Welcome to Dunwich is a broad overview of the village and one of the most important sections for the Keeper. It briefly discusses major NPCs, climate, getting to the village, getting around the village (cars are likely to break down on poorly-maintained unpaved roads), staying in the village (no inns, but some residents have room for boarders), and the characteristics of a sample farm and farmer. A chronology of major events in the village is provided, but for some reason stops at 1898. Finally, a “Village Directory” lists the name and map location for every single resident of the village (over 300).

The Secrets of Dunwich provides a building-by-building summary of the village proper, including the general store, cemetery, meeting house, and more. Each resident of the village is described with at least a single line, but often one or more paragraphs. Sometimes these descriptions serve only as an aid to role-playing, but other times it includes potential story hooks for the Keeper. Some of the write-ups of more important NPCs include small drawings, which would certainly be worth showing to the players.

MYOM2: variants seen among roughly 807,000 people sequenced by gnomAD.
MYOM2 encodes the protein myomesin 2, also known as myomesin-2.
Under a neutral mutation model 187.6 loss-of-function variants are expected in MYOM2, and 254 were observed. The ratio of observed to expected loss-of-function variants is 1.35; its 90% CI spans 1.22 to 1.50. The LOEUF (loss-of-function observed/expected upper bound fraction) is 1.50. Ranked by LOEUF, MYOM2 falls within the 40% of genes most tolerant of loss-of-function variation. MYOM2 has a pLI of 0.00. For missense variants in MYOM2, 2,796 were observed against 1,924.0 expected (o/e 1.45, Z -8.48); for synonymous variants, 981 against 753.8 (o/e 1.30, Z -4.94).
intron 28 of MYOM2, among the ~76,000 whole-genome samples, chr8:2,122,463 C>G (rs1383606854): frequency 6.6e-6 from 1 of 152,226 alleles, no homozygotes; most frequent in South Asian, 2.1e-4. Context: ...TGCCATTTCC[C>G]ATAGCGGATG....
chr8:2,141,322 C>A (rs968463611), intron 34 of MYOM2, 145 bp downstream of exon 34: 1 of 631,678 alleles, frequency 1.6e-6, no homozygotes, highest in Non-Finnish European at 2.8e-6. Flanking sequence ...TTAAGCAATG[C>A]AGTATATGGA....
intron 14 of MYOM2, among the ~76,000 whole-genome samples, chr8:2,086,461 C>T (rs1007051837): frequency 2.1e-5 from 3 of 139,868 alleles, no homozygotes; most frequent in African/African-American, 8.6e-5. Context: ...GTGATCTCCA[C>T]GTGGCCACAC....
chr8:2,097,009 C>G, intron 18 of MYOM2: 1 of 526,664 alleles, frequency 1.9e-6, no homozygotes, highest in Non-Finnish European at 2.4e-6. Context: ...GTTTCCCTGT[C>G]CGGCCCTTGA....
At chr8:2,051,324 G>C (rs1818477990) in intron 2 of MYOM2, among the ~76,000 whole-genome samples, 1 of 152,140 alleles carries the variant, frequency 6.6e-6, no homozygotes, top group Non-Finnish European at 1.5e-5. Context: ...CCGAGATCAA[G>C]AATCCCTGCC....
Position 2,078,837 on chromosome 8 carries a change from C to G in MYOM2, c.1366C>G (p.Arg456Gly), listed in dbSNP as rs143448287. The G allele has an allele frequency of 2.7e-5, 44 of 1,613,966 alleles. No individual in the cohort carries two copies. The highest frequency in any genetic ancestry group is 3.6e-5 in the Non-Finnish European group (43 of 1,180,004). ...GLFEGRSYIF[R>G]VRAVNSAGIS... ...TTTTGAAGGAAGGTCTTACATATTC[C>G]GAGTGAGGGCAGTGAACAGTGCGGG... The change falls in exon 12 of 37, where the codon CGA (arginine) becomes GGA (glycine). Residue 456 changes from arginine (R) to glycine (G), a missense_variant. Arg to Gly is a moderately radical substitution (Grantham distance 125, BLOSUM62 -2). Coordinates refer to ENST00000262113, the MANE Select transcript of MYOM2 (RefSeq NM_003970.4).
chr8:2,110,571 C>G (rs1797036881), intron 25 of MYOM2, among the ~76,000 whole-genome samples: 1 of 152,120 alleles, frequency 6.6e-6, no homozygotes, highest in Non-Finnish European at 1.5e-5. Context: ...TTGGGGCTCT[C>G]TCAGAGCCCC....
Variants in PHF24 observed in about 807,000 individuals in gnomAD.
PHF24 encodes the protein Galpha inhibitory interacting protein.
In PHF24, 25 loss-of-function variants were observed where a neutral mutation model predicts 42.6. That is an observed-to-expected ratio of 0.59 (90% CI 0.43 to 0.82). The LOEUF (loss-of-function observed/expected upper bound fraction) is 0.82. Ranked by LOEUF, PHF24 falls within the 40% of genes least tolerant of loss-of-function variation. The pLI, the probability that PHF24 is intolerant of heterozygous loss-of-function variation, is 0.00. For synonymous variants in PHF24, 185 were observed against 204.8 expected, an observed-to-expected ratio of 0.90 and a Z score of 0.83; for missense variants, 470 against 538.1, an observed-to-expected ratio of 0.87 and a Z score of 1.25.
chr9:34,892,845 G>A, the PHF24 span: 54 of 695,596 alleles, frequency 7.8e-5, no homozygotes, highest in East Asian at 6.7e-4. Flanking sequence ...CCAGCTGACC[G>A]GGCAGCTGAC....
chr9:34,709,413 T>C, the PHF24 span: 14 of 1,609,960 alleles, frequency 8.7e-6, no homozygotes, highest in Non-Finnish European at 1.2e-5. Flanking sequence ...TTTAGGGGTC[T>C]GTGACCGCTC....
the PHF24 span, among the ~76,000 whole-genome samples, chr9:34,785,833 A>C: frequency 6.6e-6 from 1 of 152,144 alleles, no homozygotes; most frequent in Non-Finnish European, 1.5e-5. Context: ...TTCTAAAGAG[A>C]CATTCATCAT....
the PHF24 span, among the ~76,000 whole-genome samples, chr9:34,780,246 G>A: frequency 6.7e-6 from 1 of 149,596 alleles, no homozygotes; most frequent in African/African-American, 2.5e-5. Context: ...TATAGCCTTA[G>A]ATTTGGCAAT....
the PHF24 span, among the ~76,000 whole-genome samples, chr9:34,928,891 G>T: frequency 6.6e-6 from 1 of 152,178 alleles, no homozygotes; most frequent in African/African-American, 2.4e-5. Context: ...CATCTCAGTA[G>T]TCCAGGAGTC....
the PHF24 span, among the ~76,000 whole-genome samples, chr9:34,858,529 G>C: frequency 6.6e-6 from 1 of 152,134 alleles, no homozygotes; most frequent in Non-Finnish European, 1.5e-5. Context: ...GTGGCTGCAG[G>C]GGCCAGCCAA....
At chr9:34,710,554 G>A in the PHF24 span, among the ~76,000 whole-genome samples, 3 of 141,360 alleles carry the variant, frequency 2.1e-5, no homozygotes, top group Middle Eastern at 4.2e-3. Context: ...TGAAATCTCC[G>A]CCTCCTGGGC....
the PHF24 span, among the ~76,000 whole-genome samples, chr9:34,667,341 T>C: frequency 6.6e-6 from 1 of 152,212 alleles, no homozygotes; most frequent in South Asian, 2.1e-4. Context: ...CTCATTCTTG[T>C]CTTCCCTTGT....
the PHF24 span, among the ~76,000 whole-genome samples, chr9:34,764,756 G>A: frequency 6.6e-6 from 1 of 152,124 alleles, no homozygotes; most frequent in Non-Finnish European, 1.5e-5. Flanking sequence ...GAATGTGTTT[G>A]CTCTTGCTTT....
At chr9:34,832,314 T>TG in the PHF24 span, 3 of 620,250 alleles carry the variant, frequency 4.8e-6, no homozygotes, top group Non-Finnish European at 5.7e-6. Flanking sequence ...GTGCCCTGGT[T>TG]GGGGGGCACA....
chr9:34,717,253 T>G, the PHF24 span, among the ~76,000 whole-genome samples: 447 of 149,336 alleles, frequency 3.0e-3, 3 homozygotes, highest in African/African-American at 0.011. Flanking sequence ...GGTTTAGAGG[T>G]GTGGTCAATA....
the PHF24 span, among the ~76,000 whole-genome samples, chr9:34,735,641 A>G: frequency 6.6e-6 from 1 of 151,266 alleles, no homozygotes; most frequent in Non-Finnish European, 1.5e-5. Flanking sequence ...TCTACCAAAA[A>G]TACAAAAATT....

Next up is the lengthiest section of the book, a detailed description of the various hills, mountains, swamps, and farms around Dunwich. As with the village proper, every single resident is given a name, a notation on the map, and a brief description. After reading this, one quickly gets the sense that adventures in Dunwich can involve far more than just the village itself.